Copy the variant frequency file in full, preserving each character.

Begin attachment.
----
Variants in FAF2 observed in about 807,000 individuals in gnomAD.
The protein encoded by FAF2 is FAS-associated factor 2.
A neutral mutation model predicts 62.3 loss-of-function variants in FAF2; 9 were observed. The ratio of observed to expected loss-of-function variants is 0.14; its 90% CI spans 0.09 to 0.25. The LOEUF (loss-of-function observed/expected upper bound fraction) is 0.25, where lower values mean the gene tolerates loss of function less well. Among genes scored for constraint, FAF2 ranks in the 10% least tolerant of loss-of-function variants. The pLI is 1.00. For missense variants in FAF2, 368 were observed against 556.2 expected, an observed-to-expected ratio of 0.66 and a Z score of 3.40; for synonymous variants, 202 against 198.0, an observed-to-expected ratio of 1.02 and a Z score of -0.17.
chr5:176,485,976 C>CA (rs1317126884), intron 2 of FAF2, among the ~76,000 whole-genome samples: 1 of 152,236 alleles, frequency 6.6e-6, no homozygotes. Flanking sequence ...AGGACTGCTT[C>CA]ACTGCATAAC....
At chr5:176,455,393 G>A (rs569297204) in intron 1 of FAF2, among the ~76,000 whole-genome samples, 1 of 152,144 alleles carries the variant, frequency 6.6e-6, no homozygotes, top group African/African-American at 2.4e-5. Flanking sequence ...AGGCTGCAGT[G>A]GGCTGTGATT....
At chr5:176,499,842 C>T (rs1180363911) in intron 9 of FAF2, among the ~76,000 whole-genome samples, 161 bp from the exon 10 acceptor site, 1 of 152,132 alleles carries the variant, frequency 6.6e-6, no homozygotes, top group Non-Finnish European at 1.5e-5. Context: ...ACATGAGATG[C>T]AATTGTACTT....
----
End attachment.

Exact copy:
Variants in FAF2 observed in about 807,000 individuals in gnomAD.
The protein encoded by FAF2 is FAS-associated factor 2.
A neutral mutation model predicts 62.3 loss-of-function variants in FAF2; 9 were observed. The ratio of observed to expected loss-of-function variants is 0.14; its 90% CI spans 0.09 to 0.25. The LOEUF (loss-of-function observed/expected upper bound fraction) is 0.25, where lower values mean the gene tolerates loss of function less well. Among genes scored for constraint, FAF2 ranks in the 10% least tolerant of loss-of-function variants. The pLI is 1.00. For missense variants in FAF2, 368 were observed against 556.2 expected, an observed-to-expected ratio of 0.66 and a Z score of 3.40; for synonymous variants, 202 against 198.0, an observed-to-expected ratio of 1.02 and a Z score of -0.17.
chr5:176,485,976 C>CA (rs1317126884), intron 2 of FAF2, among the ~76,000 whole-genome samples: 1 of 152,236 alleles, frequency 6.6e-6, no homozygotes. Flanking sequence ...AGGACTGCTT[C>CA]ACTGCATAAC....
At chr5:176,455,393 G>A (rs569297204) in intron 1 of FAF2, among the ~76,000 whole-genome samples, 1 of 152,144 alleles carries the variant, frequency 6.6e-6, no homozygotes, top group African/African-American at 2.4e-5. Flanking sequence ...AGGCTGCAGT[G>A]GGCTGTGATT....
At chr5:176,499,842 C>T (rs1180363911) in intron 9 of FAF2, among the ~76,000 whole-genome samples, 161 bp from the exon 10 acceptor site, 1 of 152,132 alleles carries the variant, frequency 6.6e-6, no homozygotes, top group Non-Finnish European at 1.5e-5. Context: ...ACATGAGATG[C>T]AATTGTACTT....